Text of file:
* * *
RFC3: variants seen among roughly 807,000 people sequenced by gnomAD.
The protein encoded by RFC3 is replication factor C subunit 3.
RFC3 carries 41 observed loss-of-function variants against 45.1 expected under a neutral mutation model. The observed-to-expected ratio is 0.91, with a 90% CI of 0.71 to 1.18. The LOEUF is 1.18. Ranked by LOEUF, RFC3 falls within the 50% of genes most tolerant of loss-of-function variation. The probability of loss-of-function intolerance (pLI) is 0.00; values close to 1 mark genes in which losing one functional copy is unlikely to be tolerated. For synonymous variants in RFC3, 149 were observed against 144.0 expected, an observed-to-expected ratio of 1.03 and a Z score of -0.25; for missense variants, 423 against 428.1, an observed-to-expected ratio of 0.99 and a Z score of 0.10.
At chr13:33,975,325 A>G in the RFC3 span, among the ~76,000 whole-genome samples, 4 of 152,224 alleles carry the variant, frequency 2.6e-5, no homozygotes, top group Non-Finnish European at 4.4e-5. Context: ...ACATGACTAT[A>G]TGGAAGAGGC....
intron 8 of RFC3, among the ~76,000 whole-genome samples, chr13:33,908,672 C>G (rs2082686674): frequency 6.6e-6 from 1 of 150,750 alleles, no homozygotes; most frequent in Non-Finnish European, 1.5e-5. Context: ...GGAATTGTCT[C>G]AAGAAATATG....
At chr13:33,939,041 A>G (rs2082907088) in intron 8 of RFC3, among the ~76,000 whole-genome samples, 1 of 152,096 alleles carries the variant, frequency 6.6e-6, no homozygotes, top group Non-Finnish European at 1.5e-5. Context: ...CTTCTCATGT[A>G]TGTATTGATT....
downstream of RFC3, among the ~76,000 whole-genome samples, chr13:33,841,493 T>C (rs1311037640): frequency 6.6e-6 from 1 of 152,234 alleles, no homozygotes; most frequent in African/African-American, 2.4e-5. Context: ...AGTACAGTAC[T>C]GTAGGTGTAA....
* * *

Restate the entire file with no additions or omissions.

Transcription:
RFC3: variants seen among roughly 807,000 people sequenced by gnomAD.
The protein encoded by RFC3 is replication factor C subunit 3.
RFC3 carries 41 observed loss-of-function variants against 45.1 expected under a neutral mutation model. The observed-to-expected ratio is 0.91, with a 90% CI of 0.71 to 1.18. The LOEUF is 1.18. Ranked by LOEUF, RFC3 falls within the 50% of genes most tolerant of loss-of-function variation. The probability of loss-of-function intolerance (pLI) is 0.00; values close to 1 mark genes in which losing one functional copy is unlikely to be tolerated. For synonymous variants in RFC3, 149 were observed against 144.0 expected, an observed-to-expected ratio of 1.03 and a Z score of -0.25; for missense variants, 423 against 428.1, an observed-to-expected ratio of 0.99 and a Z score of 0.10.
At chr13:33,975,325 A>G in the RFC3 span, among the ~76,000 whole-genome samples, 4 of 152,224 alleles carry the variant, frequency 2.6e-5, no homozygotes, top group Non-Finnish European at 4.4e-5. Context: ...ACATGACTAT[A>G]TGGAAGAGGC....
intron 8 of RFC3, among the ~76,000 whole-genome samples, chr13:33,908,672 C>G (rs2082686674): frequency 6.6e-6 from 1 of 150,750 alleles, no homozygotes; most frequent in Non-Finnish European, 1.5e-5. Context: ...GGAATTGTCT[C>G]AAGAAATATG....
At chr13:33,939,041 A>G (rs2082907088) in intron 8 of RFC3, among the ~76,000 whole-genome samples, 1 of 152,096 alleles carries the variant, frequency 6.6e-6, no homozygotes, top group Non-Finnish European at 1.5e-5. Context: ...CTTCTCATGT[A>G]TGTATTGATT....
downstream of RFC3, among the ~76,000 whole-genome samples, chr13:33,841,493 T>C (rs1311037640): frequency 6.6e-6 from 1 of 152,234 alleles, no homozygotes; most frequent in African/African-American, 2.4e-5. Context: ...AGTACAGTAC[T>C]GTAGGTGTAA....